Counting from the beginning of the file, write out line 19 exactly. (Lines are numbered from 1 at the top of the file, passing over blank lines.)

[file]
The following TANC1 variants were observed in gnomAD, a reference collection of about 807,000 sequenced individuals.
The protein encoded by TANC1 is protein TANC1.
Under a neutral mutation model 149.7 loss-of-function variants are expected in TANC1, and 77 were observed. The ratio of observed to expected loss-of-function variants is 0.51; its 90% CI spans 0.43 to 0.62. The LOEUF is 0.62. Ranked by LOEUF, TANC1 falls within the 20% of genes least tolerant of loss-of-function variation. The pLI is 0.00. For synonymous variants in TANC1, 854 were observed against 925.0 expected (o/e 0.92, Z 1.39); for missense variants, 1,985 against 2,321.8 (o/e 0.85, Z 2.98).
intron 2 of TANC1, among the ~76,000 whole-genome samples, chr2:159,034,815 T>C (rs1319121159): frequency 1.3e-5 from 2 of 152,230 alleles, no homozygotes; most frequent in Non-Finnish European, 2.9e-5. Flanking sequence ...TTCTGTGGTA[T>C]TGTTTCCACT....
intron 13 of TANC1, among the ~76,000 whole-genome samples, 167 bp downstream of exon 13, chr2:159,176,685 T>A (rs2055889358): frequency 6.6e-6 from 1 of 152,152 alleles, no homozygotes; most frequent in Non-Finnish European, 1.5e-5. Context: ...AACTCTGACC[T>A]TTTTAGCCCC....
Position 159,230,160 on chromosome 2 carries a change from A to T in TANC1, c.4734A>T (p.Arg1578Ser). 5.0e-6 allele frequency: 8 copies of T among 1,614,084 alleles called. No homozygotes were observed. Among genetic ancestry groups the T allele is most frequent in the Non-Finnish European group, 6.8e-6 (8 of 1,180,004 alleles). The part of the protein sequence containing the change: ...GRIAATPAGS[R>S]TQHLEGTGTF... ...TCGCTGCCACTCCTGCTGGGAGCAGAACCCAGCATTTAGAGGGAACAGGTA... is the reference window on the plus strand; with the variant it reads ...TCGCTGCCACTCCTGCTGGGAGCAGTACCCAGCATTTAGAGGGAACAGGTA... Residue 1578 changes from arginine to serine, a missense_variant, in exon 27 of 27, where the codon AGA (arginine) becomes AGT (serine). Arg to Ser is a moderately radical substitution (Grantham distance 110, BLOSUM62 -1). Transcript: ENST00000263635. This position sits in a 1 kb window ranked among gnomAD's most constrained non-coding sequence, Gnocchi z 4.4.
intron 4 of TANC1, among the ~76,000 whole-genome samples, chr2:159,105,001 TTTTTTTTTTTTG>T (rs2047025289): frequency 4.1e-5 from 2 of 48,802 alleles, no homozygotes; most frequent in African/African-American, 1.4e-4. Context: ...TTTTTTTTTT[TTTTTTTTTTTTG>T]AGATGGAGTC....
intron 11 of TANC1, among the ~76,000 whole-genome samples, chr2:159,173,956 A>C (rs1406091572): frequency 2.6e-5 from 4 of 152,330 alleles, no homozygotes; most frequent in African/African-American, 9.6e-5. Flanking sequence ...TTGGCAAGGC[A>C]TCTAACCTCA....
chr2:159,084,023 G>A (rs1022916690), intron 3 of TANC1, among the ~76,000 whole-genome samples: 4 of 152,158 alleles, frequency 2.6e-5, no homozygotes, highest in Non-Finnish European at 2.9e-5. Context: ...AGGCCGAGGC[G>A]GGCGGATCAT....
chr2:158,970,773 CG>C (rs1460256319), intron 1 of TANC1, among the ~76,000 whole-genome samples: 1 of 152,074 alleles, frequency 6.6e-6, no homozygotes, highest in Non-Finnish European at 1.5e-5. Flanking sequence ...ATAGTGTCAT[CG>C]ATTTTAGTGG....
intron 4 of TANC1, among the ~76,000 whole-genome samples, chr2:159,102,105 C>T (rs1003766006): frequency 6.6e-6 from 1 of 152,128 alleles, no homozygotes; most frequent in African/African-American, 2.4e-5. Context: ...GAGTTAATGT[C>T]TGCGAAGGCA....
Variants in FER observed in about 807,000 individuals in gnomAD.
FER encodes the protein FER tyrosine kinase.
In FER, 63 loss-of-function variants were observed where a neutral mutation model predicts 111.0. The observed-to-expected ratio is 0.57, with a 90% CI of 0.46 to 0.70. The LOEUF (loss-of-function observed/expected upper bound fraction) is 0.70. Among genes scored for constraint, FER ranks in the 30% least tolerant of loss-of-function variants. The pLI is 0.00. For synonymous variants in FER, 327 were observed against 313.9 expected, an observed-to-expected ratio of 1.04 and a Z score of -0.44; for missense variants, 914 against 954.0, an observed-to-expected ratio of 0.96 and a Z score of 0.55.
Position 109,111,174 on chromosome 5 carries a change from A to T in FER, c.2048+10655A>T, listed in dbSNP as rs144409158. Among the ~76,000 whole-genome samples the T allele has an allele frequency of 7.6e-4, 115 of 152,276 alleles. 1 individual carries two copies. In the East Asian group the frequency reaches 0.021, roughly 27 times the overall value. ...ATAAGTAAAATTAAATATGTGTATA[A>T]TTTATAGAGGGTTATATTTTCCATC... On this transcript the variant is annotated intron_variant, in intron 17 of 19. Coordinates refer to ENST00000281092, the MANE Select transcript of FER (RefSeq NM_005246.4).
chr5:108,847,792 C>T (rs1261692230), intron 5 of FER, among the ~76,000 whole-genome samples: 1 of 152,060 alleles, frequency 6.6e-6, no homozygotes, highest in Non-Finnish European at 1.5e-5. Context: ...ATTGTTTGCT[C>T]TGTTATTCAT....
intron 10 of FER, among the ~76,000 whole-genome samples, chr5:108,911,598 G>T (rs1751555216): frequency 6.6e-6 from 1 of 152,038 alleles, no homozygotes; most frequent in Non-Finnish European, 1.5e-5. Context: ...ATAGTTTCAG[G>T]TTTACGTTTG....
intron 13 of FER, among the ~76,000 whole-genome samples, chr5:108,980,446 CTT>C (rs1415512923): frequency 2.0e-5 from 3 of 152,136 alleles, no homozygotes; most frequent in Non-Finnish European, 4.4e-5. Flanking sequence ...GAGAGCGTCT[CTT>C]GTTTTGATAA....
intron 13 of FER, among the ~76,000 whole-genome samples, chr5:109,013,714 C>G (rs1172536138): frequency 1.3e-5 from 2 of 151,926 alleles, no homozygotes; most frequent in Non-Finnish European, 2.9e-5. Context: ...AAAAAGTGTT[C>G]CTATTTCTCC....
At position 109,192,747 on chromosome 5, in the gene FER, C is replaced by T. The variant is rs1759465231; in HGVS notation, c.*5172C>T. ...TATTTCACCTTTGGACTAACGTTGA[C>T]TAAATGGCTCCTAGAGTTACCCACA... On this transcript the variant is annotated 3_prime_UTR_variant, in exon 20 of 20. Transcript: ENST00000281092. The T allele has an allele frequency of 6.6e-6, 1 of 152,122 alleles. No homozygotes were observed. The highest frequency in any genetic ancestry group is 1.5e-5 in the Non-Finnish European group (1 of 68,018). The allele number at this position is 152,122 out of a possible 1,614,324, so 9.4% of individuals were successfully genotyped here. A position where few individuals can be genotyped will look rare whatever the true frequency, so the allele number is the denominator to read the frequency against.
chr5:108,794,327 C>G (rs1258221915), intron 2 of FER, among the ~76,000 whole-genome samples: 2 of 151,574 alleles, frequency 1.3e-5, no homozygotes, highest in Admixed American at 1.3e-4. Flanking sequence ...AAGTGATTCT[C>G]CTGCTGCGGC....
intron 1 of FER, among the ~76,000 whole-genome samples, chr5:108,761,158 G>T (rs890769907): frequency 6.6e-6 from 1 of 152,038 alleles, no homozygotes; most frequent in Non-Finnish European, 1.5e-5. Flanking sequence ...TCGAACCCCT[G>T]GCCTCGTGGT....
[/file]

intron 13 of FER, among the ~76,000 whole-genome samples, chr5:109,013,714 C>G (rs1172536138): frequency 1.3e-5 from 2 of 151,926 alleles, no homozygotes; most frequent in Non-Finnish European, 2.9e-5. Context: ...AAAAAGTGTT[C>G]CTATTTCTCC....